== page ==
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Articles Tagged with Overtime

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Both state and federal laws require employers to follow certain guidelines regarding minimum wage and overtime pay.   A highly effective way in which to comply with these laws is by maintaining complete and accurate records of all employee compensation, including hours worked, meal and break times, vacation days, holidays and other relevant information.No matter how detailed a company’s records may be, employees still file wage and hour claims.  Perhaps the employee feels wronged and decides to seek the assistance of an attorney or government agency to find out more about his or her legal options.  Overall, the employee has the right to pursue a claim with the Wage and Hour Division of the Department of Labor or to file a state or federal lawsuit against his or her company.   Regardless of what the employee ultimately chooses to do in this regard, dealing with wage and hour claims can be time-consuming, costly and result in serious legal consequences.

Having an experienced and skilled employment defense attorney on your side is crucial when dealing with a wage and hour claims.  Specifically, a skilled attorney will investigate the facts underlying an employee’s allegations and develop effective counterarguments and affirmative defenses to protect an employer’s legal interests.  A lawyer needs to prove that the employer acted in good faith, the employee qualified as exempt under the applicable wage laws, or the employee waived his or her rights.

Failure to comply with the federal and state wage and overtime guidelines can subject employers to stiff fines, penalties and expensive lawsuits, depending upon the nature of the alleged violation.  Moreover, employers can also be forced to reimburse employees for any unpaid wages.  The best way for a business to avoid these issues is to keep as accurate a set of records as possible and ensure all managers responsible for personnel thoroughly understand applicable wage and hour laws.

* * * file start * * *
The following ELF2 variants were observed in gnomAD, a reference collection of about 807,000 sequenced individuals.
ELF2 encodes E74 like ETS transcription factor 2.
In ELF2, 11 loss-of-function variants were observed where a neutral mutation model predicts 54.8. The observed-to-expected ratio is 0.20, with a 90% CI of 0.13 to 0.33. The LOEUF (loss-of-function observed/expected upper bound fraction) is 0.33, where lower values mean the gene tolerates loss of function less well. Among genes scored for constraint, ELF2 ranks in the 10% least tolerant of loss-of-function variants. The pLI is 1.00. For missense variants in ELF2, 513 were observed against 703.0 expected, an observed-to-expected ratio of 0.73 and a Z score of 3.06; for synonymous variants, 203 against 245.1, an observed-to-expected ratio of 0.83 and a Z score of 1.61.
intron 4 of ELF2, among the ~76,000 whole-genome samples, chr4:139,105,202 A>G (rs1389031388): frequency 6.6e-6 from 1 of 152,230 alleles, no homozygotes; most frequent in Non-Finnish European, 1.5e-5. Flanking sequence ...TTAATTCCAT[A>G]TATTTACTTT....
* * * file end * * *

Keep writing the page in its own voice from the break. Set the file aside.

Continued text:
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Entering into an employer-employee relationship carries with it various rules and regulations, especially with respect to compensation and overtime pay.   In other words, failing to pay your employees properly can have serious consequences, such as damage to your company’s reputation, expensive lawsuits and decreased employee morale.  Whether you are a business concerned about compliance or are currently facing minimum wage claims, it is strongly advised that you consult with an experienced Florida employment law attorney.

An Overview of Federal and State Minimum Wage Laws

Under the Fair Labor Standards Act (FLSA) which establishes the federal minimum wage and overtime requirements, hourly employees are entitled to receive no less than $7.25 per hour, as of June 24, 2009.  As long as the employee is 16 years of age or older, there is no limit to the number of hours that he or she can work, on either a daily or a weekly basis.  However, the employer must pay the employee one and a half times their normal wage rate for every hour worked over the regular 40-hour workweek.  Despite a few narrow exceptions, the federal minimum wage laws affect most employees, meaning that very few employers are exempt from the wage and overtime requirements as set by FLSA.

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The importance of employers knowing the rules surrounding how much to pay employees cannot be overstated. When it comes to paying the correct amount of wages for time worked, errors can lead to costly lawsuits, damaging a company’s reputation as well as emptying its coffers. For those establishing a new business in Florida, or who are already in business but are concerned about compliance, a consultation with qualified employment law attorney is strongly advised. In the interim, the following is a brief overview of a common source of confusion, proper classification of employees according to their exemption status.

Exemption status and overtime

The Fair Labor Standards Act (FLSA) establishes wage and hour laws at the federal level. This includes how to define an exempt versus a non-exempt employee.

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